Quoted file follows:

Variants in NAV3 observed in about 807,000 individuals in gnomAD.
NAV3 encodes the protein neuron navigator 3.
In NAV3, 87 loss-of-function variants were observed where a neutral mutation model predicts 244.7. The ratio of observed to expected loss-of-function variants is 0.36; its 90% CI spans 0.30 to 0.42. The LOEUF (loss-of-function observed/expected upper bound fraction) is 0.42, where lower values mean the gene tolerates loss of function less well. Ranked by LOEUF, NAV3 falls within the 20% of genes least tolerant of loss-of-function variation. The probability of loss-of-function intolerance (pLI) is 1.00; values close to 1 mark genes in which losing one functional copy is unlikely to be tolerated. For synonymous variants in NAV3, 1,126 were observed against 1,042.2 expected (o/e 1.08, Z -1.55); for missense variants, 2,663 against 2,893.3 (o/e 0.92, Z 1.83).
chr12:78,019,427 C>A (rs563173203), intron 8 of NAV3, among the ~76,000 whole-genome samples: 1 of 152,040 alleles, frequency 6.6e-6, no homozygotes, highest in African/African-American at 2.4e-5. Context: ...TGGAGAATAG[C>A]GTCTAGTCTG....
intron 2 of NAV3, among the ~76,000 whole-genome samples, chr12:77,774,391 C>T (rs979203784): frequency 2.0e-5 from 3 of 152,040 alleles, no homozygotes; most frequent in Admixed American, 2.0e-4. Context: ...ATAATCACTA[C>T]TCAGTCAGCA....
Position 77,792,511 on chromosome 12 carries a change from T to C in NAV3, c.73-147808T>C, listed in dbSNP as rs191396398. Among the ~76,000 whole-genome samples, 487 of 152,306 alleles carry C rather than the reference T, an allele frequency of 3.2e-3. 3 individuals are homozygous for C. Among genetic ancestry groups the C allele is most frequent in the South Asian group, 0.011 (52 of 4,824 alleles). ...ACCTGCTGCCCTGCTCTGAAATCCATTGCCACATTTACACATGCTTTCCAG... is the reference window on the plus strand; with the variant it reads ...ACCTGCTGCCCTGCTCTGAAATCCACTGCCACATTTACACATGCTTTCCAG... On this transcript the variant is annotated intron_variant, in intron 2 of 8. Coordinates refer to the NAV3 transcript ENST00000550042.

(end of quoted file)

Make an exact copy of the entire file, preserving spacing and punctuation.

Variants in NAV3 observed in about 807,000 individuals in gnomAD.
NAV3 encodes the protein neuron navigator 3.
In NAV3, 87 loss-of-function variants were observed where a neutral mutation model predicts 244.7. The ratio of observed to expected loss-of-function variants is 0.36; its 90% CI spans 0.30 to 0.42. The LOEUF (loss-of-function observed/expected upper bound fraction) is 0.42, where lower values mean the gene tolerates loss of function less well. Ranked by LOEUF, NAV3 falls within the 20% of genes least tolerant of loss-of-function variation. The probability of loss-of-function intolerance (pLI) is 1.00; values close to 1 mark genes in which losing one functional copy is unlikely to be tolerated. For synonymous variants in NAV3, 1,126 were observed against 1,042.2 expected (o/e 1.08, Z -1.55); for missense variants, 2,663 against 2,893.3 (o/e 0.92, Z 1.83).
chr12:78,019,427 C>A (rs563173203), intron 8 of NAV3, among the ~76,000 whole-genome samples: 1 of 152,040 alleles, frequency 6.6e-6, no homozygotes, highest in African/African-American at 2.4e-5. Context: ...TGGAGAATAG[C>A]GTCTAGTCTG....
intron 2 of NAV3, among the ~76,000 whole-genome samples, chr12:77,774,391 C>T (rs979203784): frequency 2.0e-5 from 3 of 152,040 alleles, no homozygotes; most frequent in Admixed American, 2.0e-4. Context: ...ATAATCACTA[C>T]TCAGTCAGCA....
Position 77,792,511 on chromosome 12 carries a change from T to C in NAV3, c.73-147808T>C, listed in dbSNP as rs191396398. Among the ~76,000 whole-genome samples, 487 of 152,306 alleles carry C rather than the reference T, an allele frequency of 3.2e-3. 3 individuals are homozygous for C. Among genetic ancestry groups the C allele is most frequent in the South Asian group, 0.011 (52 of 4,824 alleles). ...ACCTGCTGCCCTGCTCTGAAATCCATTGCCACATTTACACATGCTTTCCAG... is the reference window on the plus strand; with the variant it reads ...ACCTGCTGCCCTGCTCTGAAATCCACTGCCACATTTACACATGCTTTCCAG... On this transcript the variant is annotated intron_variant, in intron 2 of 8. Coordinates refer to the NAV3 transcript ENST00000550042.